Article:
Indian tradition and culture has phenomenal potential for a new idiom of modern Indian design.

Remember the animation film ‘Ek Anek Aur Ekta’? An entire generation of Indians grew up on this film about unity in diversity as exemplified by the title song Ek Chidiya, Anek Chidiyan. It remains a great example of Indian story telling. The film pro- duced by the Films Division of India went on to win a National Award and best Children’s Film Award in Japan.

One of the most important questions before Indian designers today is how to establish the true Indian identity. What constitutes Indian design? Have we really evolved an authentic language of design? And where do we go from here?

In 1958, American designers Charles and Ray Eames were called upon by the Government of India to make recommendations on a training programme in design that would help resist the deterioration of design and quality of consumer goods. Their India Report, which was a precursor to the setting up of the National Institute of Design in Ahmedabad in 1961, is a vision document on design in India and a framework to take it into future. The report recommends a sober investigation into ‘those values and those qualities that Indians hold important to a good life’. It also urges designers to make this investigation with a ‘restudy of the problems of environment and shelter and look upon the detailed problems of services and objects as though they were being attacked for the first time; to restate solutions to these problems in theory and in actual prototype; to explore the evolving symbols of India’.

Temple Architecture

Here are five pointers on taking this thought forward.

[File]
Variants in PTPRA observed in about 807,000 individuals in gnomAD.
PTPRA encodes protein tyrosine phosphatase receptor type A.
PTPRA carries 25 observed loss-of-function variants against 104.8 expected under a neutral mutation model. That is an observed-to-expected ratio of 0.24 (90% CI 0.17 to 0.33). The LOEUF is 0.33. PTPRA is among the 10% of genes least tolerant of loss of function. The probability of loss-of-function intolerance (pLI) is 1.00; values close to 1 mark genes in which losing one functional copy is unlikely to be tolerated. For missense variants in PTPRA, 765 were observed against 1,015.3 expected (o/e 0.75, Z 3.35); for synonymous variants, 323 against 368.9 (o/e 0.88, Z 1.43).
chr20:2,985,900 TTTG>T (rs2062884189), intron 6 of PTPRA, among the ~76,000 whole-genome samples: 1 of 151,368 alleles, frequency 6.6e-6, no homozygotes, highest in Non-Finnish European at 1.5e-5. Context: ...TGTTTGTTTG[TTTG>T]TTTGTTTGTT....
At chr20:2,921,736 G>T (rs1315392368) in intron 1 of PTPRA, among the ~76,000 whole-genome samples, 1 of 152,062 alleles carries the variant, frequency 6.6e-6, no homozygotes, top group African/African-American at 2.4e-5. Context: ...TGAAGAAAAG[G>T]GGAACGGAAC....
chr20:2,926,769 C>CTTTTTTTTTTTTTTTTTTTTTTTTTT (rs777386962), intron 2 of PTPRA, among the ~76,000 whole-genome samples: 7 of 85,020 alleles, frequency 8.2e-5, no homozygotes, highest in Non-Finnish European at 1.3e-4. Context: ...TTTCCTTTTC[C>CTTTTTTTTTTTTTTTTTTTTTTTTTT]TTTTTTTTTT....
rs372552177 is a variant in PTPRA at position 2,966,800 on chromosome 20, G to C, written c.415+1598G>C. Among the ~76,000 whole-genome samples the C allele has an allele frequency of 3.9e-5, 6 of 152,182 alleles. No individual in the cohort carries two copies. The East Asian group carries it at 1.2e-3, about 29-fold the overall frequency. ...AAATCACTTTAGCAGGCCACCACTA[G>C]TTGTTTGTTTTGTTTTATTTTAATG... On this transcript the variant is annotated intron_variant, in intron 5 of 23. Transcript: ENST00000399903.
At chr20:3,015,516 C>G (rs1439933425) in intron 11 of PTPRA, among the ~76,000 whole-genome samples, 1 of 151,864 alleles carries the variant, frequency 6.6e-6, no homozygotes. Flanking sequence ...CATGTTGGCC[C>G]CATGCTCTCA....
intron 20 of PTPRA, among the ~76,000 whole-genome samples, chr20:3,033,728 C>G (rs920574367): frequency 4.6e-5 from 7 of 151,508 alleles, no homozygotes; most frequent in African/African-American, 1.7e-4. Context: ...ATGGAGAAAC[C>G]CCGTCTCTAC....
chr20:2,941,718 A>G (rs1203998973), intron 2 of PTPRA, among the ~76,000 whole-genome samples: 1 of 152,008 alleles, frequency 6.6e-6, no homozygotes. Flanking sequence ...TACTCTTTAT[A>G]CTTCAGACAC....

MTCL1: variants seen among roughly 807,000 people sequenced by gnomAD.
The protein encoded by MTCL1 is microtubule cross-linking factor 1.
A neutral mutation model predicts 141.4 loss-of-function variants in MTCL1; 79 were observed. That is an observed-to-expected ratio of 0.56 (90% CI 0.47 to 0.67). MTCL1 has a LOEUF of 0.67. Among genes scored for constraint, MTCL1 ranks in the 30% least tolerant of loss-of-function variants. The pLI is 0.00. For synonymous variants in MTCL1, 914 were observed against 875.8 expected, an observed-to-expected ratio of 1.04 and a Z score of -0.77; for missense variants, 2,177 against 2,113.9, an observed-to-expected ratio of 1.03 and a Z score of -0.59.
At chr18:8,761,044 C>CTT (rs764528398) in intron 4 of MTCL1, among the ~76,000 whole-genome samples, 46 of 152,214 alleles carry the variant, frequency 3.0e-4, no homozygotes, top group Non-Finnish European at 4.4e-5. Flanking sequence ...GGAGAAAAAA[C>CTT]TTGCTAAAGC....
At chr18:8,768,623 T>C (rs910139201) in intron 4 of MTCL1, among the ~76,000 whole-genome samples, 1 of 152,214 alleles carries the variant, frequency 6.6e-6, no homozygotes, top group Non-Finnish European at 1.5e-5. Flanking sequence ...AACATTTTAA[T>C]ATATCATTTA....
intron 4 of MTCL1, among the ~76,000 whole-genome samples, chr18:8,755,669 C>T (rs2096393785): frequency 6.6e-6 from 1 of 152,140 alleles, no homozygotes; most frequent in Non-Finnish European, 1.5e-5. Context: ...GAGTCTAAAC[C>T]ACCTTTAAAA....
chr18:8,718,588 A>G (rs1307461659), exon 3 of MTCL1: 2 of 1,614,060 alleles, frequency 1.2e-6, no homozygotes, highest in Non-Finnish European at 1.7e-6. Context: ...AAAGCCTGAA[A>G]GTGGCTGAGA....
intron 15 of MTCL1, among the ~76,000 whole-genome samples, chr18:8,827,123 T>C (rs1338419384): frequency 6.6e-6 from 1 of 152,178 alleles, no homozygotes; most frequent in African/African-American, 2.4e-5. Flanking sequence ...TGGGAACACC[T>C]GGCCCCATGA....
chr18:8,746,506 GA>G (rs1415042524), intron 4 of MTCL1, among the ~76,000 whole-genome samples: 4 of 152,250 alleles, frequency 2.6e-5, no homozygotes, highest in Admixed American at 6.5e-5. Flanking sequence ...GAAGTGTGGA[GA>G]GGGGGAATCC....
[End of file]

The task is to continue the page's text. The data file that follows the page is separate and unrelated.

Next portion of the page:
Storytelling: The rich tradition of story- telling assumes various ritualistic forms. In mass media, the Hindi movie industry has been the single largest expression of the collective consciousness of the nation. Extremely original narratives have come out from this mainstream industry and Bollywood remains a great inspiration for designers to look at how a local flavour with all its global influences can bring about a unique identity.

Art and craft: From handlooms to bamboo crafts, from miniature paintings to brass casting, India has an extremely rich culture. A whole lot of work remains to be done to see how this can translate into a successful blend of craft and technology to create products of significant mass impact.

Architecture: The extremely refined art and science of building temples as places of worship and communion is a treasure trove of architectural inspiration. While assimilating global influences of new thinking, Indian architects have done wonders with their buildings taking into account local building materials and construction techniques, functional requirements like the climate and above all an original identity for their work.

Industrial Design: Textiles has been a great tradition and has had recognition in the global marketplace yet a lot needs to be done when it comes to product design in general. A lot of responsibility also lies with businesses that need to now look at issues of identity from a long-term perspective.

Strategic Design: From the point of view of problem solving and creating affordable products considering local requirements and resources, there have been a few global success stories: from Tata Nano, which forced manufacturers to think small to a new perspective on healthcare products at a fraction of the cost, India can offer truly inspiring stories. Mahatma Gandhi believed in the power of local to be truly global. Perhaps, that vision best sums up how we could approach design and inspire the world.

This article was published in the Economic Times on 3 May 2014 as part of a fortnightly series called Functional Design authored by Makarand Kulkarni – Co-Founder, Ether Design.

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